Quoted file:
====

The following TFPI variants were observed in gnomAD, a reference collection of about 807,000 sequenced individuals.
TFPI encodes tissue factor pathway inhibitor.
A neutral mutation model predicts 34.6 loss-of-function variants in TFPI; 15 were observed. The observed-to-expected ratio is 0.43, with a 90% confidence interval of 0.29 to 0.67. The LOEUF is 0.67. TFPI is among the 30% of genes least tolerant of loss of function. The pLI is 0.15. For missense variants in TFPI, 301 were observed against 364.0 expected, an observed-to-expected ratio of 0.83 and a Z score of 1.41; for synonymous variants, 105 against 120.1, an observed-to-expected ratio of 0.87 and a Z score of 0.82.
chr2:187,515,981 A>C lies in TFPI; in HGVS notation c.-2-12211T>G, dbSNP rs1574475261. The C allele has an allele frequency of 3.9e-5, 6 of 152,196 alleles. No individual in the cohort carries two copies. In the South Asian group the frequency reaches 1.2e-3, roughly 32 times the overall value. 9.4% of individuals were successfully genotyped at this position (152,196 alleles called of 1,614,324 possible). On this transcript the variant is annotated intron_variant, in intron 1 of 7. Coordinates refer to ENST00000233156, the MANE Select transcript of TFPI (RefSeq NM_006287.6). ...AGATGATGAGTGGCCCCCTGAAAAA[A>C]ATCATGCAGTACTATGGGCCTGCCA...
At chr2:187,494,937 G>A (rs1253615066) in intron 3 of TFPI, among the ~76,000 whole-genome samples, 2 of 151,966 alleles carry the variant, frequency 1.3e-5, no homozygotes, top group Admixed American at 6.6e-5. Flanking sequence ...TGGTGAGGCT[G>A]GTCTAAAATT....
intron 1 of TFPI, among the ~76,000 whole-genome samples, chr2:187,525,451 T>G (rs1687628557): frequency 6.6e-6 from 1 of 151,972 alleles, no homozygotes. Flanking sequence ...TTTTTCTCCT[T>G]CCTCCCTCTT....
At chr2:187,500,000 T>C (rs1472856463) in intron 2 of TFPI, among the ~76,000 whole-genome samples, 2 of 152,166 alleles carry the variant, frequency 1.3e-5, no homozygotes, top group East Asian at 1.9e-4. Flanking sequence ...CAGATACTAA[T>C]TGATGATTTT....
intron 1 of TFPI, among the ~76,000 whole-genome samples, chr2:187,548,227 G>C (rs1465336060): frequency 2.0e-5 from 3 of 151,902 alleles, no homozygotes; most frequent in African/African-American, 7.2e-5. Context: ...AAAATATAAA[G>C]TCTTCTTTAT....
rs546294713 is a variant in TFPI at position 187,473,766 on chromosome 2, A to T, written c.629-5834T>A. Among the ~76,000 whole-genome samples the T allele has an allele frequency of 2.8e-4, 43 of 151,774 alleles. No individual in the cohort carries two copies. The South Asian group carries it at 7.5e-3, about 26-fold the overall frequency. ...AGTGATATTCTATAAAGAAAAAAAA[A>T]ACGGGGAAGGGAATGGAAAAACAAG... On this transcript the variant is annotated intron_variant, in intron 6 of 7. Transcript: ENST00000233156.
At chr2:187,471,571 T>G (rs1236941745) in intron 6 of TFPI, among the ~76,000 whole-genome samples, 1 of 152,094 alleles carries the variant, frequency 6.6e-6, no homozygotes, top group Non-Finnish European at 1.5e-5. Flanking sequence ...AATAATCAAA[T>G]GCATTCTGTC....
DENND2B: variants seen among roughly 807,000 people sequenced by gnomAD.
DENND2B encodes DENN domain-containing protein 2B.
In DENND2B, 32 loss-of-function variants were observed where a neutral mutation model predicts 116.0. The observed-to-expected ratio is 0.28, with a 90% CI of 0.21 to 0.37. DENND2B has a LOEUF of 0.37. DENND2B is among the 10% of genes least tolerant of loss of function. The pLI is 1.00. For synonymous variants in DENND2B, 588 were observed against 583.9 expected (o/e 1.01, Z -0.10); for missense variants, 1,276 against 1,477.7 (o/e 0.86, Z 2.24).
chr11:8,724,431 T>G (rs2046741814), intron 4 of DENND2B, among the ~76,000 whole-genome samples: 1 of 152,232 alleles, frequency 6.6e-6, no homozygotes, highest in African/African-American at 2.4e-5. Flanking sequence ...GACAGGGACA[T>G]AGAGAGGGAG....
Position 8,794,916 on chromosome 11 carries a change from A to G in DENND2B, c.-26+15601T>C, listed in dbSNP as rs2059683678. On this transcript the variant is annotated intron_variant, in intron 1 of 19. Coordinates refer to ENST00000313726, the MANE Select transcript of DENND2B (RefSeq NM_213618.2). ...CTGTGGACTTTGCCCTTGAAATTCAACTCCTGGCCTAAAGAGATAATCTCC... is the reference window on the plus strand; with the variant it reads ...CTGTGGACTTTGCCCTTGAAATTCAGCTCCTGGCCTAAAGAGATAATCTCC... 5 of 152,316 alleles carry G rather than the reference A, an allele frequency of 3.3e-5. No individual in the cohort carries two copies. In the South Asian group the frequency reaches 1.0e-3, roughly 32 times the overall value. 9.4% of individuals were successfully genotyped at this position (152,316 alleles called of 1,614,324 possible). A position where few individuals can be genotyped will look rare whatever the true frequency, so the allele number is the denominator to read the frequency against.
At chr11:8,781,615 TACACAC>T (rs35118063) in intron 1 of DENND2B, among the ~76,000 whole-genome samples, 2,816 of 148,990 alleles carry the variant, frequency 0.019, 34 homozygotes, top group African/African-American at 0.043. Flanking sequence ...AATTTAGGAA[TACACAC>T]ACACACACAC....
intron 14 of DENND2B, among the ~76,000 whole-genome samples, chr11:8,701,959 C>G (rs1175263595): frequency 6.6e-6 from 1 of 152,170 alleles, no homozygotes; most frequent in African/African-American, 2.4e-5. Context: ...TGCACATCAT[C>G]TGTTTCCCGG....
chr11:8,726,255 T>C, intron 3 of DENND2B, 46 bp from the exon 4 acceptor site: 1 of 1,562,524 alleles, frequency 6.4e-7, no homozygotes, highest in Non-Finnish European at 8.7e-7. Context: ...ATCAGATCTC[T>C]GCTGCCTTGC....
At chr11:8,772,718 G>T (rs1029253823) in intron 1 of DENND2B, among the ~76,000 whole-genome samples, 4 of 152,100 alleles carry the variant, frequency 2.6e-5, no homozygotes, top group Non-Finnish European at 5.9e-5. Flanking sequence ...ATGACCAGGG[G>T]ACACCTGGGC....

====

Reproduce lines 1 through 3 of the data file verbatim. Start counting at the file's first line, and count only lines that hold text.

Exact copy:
The following TFPI variants were observed in gnomAD, a reference collection of about 807,000 sequenced individuals.
TFPI encodes tissue factor pathway inhibitor.
A neutral mutation model predicts 34.6 loss-of-function variants in TFPI; 15 were observed. The observed-to-expected ratio is 0.43, with a 90% confidence interval of 0.29 to 0.67. The LOEUF is 0.67. TFPI is among the 30% of genes least tolerant of loss of function. The pLI is 0.15. For missense variants in TFPI, 301 were observed against 364.0 expected, an observed-to-expected ratio of 0.83 and a Z score of 1.41; for synonymous variants, 105 against 120.1, an observed-to-expected ratio of 0.87 and a Z score of 0.82.